(BLOOMBERG) – Amazon.com is poised to bring its automated checkout technology to full-size supermarkets in the United States, a significant milestone in the race to revolutionise how people buy their groceries.
Planning documents for a store under construction in Brookfield, Connecticut, contain all the hallmarks of an Amazon Fresh grocery store: a two-word logo on dark grey panels above the store’s entrance, online order pickup counter and such full-service departments as a butcher.
The plans also identify a dozen entry and exit gates as well as ceiling-mounted racks to run wiring to camera arrays, a set-up that until now has appeared in Amazon Go convenience stores only.
Shoppers enter those locations by swiping a smartphone at the entry gate. Inside, they are tracked by cameras, software algorithms and shelf sensors – then charged for what they take when exiting through the designated gates.
Amazon appears to have solved a significant technical challenge, creating a grab-and-go system that can handle scores of shoppers at once and cover large supermarkets without being prohibitively expensive to build and operate.
The breakthrough, if it works, would catapult Amazon ahead of its competitors, which are testing similar camera-based technology developed by various start-ups. Executives at these companies have acknowledged that they are perhaps a year or two away from installing cashierless systems in full-sized supermarkets.
Widespread adoption of automated checkouts will likely fuel critiques from labour unions that have accused Amazon of seeking to eliminate cashiers.
The company has said the goal of its Just Walk Out programme is shopper convenience, not cutting labour costs. It added that it has created thousands of grocery jobs since the launch of the first Fresh store last year.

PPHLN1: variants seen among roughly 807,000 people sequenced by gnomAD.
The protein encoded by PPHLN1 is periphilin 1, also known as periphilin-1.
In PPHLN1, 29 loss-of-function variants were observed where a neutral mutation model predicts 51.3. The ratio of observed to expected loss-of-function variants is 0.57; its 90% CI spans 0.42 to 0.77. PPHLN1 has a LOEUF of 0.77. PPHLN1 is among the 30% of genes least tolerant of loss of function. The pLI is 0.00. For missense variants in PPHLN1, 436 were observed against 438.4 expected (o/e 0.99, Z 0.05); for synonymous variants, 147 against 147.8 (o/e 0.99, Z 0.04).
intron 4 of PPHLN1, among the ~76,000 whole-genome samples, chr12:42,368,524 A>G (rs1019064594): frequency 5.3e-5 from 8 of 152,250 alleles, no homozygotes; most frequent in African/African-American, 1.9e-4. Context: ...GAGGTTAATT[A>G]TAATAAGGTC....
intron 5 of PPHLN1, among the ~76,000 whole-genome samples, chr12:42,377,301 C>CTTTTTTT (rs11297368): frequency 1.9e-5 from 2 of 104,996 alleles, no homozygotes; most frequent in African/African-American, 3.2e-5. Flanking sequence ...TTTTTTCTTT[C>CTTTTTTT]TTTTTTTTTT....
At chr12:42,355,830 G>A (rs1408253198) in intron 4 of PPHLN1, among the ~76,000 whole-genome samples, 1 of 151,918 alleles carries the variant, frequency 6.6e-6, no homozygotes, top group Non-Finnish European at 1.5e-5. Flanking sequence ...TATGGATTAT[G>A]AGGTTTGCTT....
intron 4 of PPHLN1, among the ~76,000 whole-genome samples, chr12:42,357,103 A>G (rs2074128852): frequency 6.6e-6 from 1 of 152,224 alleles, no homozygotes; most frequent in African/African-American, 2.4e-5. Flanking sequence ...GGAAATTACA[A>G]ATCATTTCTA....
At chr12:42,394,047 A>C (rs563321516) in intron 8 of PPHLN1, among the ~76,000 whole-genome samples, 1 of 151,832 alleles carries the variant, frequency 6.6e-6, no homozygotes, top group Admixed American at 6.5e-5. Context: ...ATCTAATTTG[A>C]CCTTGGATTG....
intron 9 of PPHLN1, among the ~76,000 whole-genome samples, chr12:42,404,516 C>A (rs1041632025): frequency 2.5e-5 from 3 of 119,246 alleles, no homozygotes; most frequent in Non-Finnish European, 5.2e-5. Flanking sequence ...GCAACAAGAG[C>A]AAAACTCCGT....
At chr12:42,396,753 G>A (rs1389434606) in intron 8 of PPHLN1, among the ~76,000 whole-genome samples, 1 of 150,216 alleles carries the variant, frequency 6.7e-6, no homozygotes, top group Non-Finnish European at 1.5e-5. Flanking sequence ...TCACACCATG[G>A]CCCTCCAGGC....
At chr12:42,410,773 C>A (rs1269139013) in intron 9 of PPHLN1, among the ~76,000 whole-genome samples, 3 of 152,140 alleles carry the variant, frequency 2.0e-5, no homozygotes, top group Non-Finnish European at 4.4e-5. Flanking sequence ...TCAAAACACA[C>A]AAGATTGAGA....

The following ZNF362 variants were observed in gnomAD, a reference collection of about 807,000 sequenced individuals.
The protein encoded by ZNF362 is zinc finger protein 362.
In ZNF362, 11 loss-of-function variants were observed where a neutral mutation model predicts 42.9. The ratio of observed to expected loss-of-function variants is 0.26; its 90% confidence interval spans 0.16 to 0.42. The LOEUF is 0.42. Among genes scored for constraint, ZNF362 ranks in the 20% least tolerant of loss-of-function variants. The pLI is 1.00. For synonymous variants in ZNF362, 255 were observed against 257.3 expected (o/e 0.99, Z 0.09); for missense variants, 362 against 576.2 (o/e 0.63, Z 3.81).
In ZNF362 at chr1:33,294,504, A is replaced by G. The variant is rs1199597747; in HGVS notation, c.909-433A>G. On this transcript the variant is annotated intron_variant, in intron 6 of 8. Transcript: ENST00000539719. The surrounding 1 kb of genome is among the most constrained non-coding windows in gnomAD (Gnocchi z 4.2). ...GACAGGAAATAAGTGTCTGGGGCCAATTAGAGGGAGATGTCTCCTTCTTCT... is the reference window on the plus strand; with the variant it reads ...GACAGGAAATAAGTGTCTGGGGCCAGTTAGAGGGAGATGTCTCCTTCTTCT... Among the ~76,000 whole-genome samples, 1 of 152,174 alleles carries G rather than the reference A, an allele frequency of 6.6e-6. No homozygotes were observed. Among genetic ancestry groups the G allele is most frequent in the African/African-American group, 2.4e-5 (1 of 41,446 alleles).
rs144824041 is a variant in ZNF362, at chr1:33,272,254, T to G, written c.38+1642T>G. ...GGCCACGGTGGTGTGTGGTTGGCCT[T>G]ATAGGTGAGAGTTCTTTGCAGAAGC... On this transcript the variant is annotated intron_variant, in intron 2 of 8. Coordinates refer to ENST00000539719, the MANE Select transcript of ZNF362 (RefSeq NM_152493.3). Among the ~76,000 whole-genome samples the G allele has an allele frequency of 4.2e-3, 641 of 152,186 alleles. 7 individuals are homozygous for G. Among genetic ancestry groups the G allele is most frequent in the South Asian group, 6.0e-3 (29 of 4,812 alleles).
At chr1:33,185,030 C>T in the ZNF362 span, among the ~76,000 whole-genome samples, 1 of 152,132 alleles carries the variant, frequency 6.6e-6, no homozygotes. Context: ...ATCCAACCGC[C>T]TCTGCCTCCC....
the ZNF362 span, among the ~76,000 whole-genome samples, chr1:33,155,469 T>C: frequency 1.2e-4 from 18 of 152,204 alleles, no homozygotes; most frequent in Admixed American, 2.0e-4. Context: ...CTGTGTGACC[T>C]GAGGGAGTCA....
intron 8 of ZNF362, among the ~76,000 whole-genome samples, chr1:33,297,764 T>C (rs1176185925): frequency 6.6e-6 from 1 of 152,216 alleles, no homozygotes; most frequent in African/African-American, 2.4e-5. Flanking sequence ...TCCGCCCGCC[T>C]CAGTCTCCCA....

Since launching the Fresh chain in southern California, Amazon has opened 12 stores, with 37 more in development across the country, as well as developed the Dash smart cart, whose sensors and cameras add up purchases as shoppers cruise the aisles.
The carts stop short of a seamless experience – they hold only a couple of bags of food, and shoppers cannot take them outside, forcing them to transfer bags to a low-tech cart or lug their food to the carpark.
Tracking dozens of people across a big store is technically challenging, but cost has also slowed the adoption of cashierless technology. Equipping a convenience store of 2,000 sq ft or so with cameras can be done with a few dozen devices.
Covering much larger, full-service supermarkets – which in the US tend to range from 30,000 sq ft to 50,000 sq ft or more – can require exponentially more cameras and servers to process and store video. That can quickly chew through the benefits of employing fewer cashiers or luring more people into the store with the promise of a seamless checkout.
Amazon has been working for years to streamline its Just Walk Out system, making the gear more cost effective for its own stores as well as appeal to other companies that might license the technology. And even when Amazon was exclusively opening small convenience stores, the company’s engineers were asked to build a version of the technology that would be viable in larger stores of 30,000 sq ft or more.
Last year, the company also introduced Amazon One, which lets shoppers use their palms to pay at its convenience, book and 4-Star stores in the Seattle area. Amazon said thousands of customers had signed up and that it had introduced the service to a Whole Foods Market store in the city and planned to roll it out in other locations.
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